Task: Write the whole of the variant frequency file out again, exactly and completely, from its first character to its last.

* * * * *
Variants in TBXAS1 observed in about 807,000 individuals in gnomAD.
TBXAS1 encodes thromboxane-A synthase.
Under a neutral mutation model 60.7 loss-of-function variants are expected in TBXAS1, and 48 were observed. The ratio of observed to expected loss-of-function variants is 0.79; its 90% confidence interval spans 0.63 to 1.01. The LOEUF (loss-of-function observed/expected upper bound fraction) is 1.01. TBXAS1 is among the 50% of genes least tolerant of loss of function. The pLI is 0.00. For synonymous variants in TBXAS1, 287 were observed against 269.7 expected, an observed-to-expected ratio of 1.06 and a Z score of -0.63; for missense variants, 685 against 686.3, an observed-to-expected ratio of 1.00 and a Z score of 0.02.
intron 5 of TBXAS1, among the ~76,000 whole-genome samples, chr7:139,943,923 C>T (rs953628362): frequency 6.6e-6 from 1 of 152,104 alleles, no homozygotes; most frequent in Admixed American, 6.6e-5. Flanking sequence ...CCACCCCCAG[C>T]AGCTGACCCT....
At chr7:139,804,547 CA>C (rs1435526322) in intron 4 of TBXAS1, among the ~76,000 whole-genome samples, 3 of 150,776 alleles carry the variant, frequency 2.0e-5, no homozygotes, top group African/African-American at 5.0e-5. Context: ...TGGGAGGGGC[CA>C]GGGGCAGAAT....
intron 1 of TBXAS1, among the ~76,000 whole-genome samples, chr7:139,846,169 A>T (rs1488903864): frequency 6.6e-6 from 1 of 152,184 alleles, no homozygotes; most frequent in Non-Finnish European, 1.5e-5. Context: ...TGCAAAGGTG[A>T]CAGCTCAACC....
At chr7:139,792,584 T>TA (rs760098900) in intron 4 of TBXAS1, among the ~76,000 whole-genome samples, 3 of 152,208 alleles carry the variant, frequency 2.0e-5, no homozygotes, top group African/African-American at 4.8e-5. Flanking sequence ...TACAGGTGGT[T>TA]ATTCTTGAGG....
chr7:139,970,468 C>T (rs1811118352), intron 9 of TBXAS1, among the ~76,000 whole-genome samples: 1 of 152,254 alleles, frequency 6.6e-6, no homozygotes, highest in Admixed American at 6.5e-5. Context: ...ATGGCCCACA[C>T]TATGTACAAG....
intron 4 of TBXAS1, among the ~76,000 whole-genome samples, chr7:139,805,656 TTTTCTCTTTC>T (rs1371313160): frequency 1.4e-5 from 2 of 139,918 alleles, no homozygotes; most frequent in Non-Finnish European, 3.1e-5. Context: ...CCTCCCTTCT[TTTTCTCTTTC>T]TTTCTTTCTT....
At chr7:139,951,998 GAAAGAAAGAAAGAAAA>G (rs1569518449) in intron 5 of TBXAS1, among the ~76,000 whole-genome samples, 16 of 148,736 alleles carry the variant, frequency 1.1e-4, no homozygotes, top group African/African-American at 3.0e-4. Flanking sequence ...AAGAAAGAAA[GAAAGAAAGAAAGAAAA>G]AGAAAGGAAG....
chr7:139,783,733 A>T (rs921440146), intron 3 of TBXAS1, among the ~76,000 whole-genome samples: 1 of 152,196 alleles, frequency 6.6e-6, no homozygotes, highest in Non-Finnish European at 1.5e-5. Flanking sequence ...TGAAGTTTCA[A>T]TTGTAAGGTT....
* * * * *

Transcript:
Variants in TBXAS1 observed in about 807,000 individuals in gnomAD.
TBXAS1 encodes thromboxane-A synthase.
Under a neutral mutation model 60.7 loss-of-function variants are expected in TBXAS1, and 48 were observed. The ratio of observed to expected loss-of-function variants is 0.79; its 90% confidence interval spans 0.63 to 1.01. The LOEUF (loss-of-function observed/expected upper bound fraction) is 1.01. TBXAS1 is among the 50% of genes least tolerant of loss of function. The pLI is 0.00. For synonymous variants in TBXAS1, 287 were observed against 269.7 expected, an observed-to-expected ratio of 1.06 and a Z score of -0.63; for missense variants, 685 against 686.3, an observed-to-expected ratio of 1.00 and a Z score of 0.02.
intron 5 of TBXAS1, among the ~76,000 whole-genome samples, chr7:139,943,923 C>T (rs953628362): frequency 6.6e-6 from 1 of 152,104 alleles, no homozygotes; most frequent in Admixed American, 6.6e-5. Flanking sequence ...CCACCCCCAG[C>T]AGCTGACCCT....
At chr7:139,804,547 CA>C (rs1435526322) in intron 4 of TBXAS1, among the ~76,000 whole-genome samples, 3 of 150,776 alleles carry the variant, frequency 2.0e-5, no homozygotes, top group African/African-American at 5.0e-5. Context: ...TGGGAGGGGC[CA>C]GGGGCAGAAT....
intron 1 of TBXAS1, among the ~76,000 whole-genome samples, chr7:139,846,169 A>T (rs1488903864): frequency 6.6e-6 from 1 of 152,184 alleles, no homozygotes; most frequent in Non-Finnish European, 1.5e-5. Context: ...TGCAAAGGTG[A>T]CAGCTCAACC....
At chr7:139,792,584 T>TA (rs760098900) in intron 4 of TBXAS1, among the ~76,000 whole-genome samples, 3 of 152,208 alleles carry the variant, frequency 2.0e-5, no homozygotes, top group African/African-American at 4.8e-5. Flanking sequence ...TACAGGTGGT[T>TA]ATTCTTGAGG....
chr7:139,970,468 C>T (rs1811118352), intron 9 of TBXAS1, among the ~76,000 whole-genome samples: 1 of 152,254 alleles, frequency 6.6e-6, no homozygotes, highest in Admixed American at 6.5e-5. Context: ...ATGGCCCACA[C>T]TATGTACAAG....
intron 4 of TBXAS1, among the ~76,000 whole-genome samples, chr7:139,805,656 TTTTCTCTTTC>T (rs1371313160): frequency 1.4e-5 from 2 of 139,918 alleles, no homozygotes; most frequent in Non-Finnish European, 3.1e-5. Context: ...CCTCCCTTCT[TTTTCTCTTTC>T]TTTCTTTCTT....
At chr7:139,951,998 GAAAGAAAGAAAGAAAA>G (rs1569518449) in intron 5 of TBXAS1, among the ~76,000 whole-genome samples, 16 of 148,736 alleles carry the variant, frequency 1.1e-4, no homozygotes, top group African/African-American at 3.0e-4. Flanking sequence ...AAGAAAGAAA[GAAAGAAAGAAAGAAAA>G]AGAAAGGAAG....
chr7:139,783,733 A>T (rs921440146), intron 3 of TBXAS1, among the ~76,000 whole-genome samples: 1 of 152,196 alleles, frequency 6.6e-6, no homozygotes, highest in Non-Finnish European at 1.5e-5. Flanking sequence ...TGAAGTTTCA[A>T]TTGTAAGGTT....